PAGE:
Nonmedical caregivers can make a world of difference in the life of a person living with a disability. It doesn’t matter what age the beneficiary is. We’ve had children who are only a few months in age and adults who need a little help. What does matter is the type of care these two people receive.
Nonmedical care can be paid using the beneficiary’s trust funds. The billing can be set up, sent directly to the trustee for request of payment. The entire billing and payment process is relatively simple, yet the amount of care the beneficiary receiving is insurmountable.
Many beneficiaries, due to their individual illness, are hospitalized for short periods of time. When they are ready to be discharged, the hospital social worker will ask that the beneficiary be placed, for a few weeks, in a rehabilitation facility. This will allow the beneficiary to gain strength, be taken care of on a 24-hour basis and learn techniques to deal with his or her conditions. It sounds like a win-win situation, doesn’t it?
Serving as a trustee affords the opportunity to see into each beneficiary’s life, learn their fears, and trust their judgment, whether the trustee agrees with the beneficiary’s decision or not. Let me tell you about a beneficiary, Andrea, who was in this predicament.
Andrea was severely overweight. She carried approximately 450 pounds on her 5-foot 7-inch frame. She had always been a heavy kid. As an adult, she gained weight while she cared for her mom. She was exhausted. Andrea’s mom died suddenly. Andrea was left to fend for herself. She relied on her special needs trust officer to help her learn how to care for herself. The trustee arranged to have her nonmedical care to help Andrea clean the house, do the laundry, bathe, dress, and eat.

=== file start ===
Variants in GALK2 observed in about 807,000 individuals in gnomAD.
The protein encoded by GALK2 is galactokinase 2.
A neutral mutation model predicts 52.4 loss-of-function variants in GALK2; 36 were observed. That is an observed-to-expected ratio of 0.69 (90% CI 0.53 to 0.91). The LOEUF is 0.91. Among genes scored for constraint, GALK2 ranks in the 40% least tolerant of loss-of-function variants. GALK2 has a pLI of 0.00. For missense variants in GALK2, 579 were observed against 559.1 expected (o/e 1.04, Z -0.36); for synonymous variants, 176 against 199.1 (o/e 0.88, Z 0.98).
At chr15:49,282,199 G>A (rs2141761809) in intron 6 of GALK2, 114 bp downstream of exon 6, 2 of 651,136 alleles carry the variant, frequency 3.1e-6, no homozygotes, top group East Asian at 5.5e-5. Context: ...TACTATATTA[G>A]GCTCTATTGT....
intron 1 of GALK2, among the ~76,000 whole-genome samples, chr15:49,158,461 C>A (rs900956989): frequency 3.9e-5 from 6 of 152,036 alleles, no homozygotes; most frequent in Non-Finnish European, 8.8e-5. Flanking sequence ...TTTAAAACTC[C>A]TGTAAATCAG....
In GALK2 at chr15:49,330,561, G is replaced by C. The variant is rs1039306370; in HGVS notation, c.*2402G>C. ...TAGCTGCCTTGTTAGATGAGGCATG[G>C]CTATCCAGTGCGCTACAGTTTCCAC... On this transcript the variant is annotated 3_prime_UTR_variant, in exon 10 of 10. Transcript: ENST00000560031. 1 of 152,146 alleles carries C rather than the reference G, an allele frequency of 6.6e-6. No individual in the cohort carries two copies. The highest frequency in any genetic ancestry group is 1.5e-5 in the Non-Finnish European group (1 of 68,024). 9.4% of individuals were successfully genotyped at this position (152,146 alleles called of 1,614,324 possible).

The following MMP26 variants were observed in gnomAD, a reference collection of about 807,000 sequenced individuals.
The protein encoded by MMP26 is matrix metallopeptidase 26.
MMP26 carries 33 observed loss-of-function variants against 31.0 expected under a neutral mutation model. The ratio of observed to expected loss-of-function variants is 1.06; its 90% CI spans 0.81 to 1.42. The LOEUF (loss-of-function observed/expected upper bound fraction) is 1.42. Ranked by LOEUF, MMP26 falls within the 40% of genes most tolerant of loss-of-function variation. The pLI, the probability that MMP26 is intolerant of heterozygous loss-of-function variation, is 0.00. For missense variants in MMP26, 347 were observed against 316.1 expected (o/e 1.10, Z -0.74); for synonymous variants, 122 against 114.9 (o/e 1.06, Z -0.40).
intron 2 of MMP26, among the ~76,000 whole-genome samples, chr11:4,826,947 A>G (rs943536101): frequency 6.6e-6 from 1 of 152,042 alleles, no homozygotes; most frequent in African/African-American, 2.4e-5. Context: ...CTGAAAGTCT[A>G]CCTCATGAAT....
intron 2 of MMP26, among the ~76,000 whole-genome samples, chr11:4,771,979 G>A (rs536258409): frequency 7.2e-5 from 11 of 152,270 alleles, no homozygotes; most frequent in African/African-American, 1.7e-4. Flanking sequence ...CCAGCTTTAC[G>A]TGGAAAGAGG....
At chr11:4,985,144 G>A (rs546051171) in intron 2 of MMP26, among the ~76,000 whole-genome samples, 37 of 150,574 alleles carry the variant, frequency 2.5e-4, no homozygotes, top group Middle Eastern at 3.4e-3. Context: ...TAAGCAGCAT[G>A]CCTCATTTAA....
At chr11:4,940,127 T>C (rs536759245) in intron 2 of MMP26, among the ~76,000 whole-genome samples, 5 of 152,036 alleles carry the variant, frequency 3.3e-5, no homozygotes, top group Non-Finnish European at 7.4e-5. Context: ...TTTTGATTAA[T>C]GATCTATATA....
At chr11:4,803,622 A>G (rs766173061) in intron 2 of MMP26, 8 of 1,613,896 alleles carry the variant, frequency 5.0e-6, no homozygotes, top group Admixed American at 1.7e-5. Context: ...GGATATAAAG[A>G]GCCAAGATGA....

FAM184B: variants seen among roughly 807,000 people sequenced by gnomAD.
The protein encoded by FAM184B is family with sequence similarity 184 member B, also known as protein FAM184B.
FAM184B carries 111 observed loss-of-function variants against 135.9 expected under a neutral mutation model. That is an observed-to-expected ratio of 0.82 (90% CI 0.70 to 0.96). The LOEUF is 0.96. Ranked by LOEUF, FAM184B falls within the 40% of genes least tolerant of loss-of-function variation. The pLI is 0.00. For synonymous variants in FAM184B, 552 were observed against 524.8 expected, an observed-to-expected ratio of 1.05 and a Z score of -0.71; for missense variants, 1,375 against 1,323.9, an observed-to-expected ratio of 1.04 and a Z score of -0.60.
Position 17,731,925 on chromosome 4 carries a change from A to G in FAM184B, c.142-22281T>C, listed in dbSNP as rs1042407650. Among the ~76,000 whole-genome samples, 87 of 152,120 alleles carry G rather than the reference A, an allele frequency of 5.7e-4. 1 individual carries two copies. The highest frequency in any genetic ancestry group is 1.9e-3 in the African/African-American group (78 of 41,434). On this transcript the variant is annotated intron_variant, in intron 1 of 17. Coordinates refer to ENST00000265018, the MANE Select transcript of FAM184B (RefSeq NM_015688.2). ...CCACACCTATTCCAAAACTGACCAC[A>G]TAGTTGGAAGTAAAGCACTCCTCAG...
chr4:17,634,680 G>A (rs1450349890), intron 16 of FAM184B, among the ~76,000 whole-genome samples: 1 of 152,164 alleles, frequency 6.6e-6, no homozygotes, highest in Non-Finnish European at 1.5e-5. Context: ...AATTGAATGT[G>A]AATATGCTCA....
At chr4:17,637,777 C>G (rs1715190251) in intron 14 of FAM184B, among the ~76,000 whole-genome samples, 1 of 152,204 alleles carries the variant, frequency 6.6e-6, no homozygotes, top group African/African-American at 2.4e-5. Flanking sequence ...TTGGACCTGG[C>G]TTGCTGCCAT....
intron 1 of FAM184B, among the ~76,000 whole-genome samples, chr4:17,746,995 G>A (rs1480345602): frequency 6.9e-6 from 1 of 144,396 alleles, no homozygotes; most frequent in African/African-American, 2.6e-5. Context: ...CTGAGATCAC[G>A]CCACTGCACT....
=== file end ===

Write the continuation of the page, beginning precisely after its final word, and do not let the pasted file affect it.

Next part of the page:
Andrea was admitted to the hospital about four months after her mother died. Upon the day of discharge, the hospital social worker requested that Andrea be moved to a rehab facility where the staff could help her learn to care for her bed sores and also help her to regain her strength to walk. They would also monitor her food intake and help her to lose some weight.
Andrea refused to transfer to the rehab facility against her family’s and the social worker’s better judgement. She stated that she just “wanted to go home”. Because Andrea did not have a conservator, she was of sound mind, the hospital released her. They worked with the nonmedical homecare company, teaching the caregiver how to clean and dress the bedsore. A week after discharge, the trustee checking in on Andrea and got a full report from the nonmedical caregiving company. Andrea was doing quite well. She was glad to be home. She was exercising every day and now could walk around the house with the aid of a walker. Without the trustee continuing the nonmedical homecare, Andrea would not have been able to care for herself. Her health could have deteriorated. Today, Andrea has continued to exercise and lose weight. She is down to 375 pounds. She states that she feels better and hopes to continue losing weight so she can feel even better.
What would have happened to Andrea if she had gone to rehab or been at home and her health had worsened? For the trustee, Andrea’s family and the case manager assigned to Andrea care, the decision would be to move her permanently to a nursing home. Because of her weight and her lack of mobility, finding the right facility could be difficult. Andrea qualified for a “foster family” to take care of her but because of her size and ambulation difficulties, no household had the size of furniture that would hold Andrea. Their cars were also too small to hold Andrea. This is why a nursing home was the best choice, given all the variables.
The trustee contacted a placement service to help locate a nursing home that had the qualifications to accept Andrea where she could thrive. The trustee wanted Andrea to be able make new friends close to her age. She was 44 years old. Andrea wanted to be able to travel short distances, see a movie in a theater, and go to the zoo. She was very scared to leave her home. After all, she had lived there for 22 years with her mom. Now, everything was being turned upside down.
The placement company worked with Andrea’s case manager to find a nursing home that had younger people as residents and a place where her government benefits would pay for her care the rest of her life. A great nursing home in Knoxville, Tennessee fit the bill. It was difficult for Andrea to move to Chattanooga, where she was quite comfortable, to Knoxville, where she didn’t know a soul.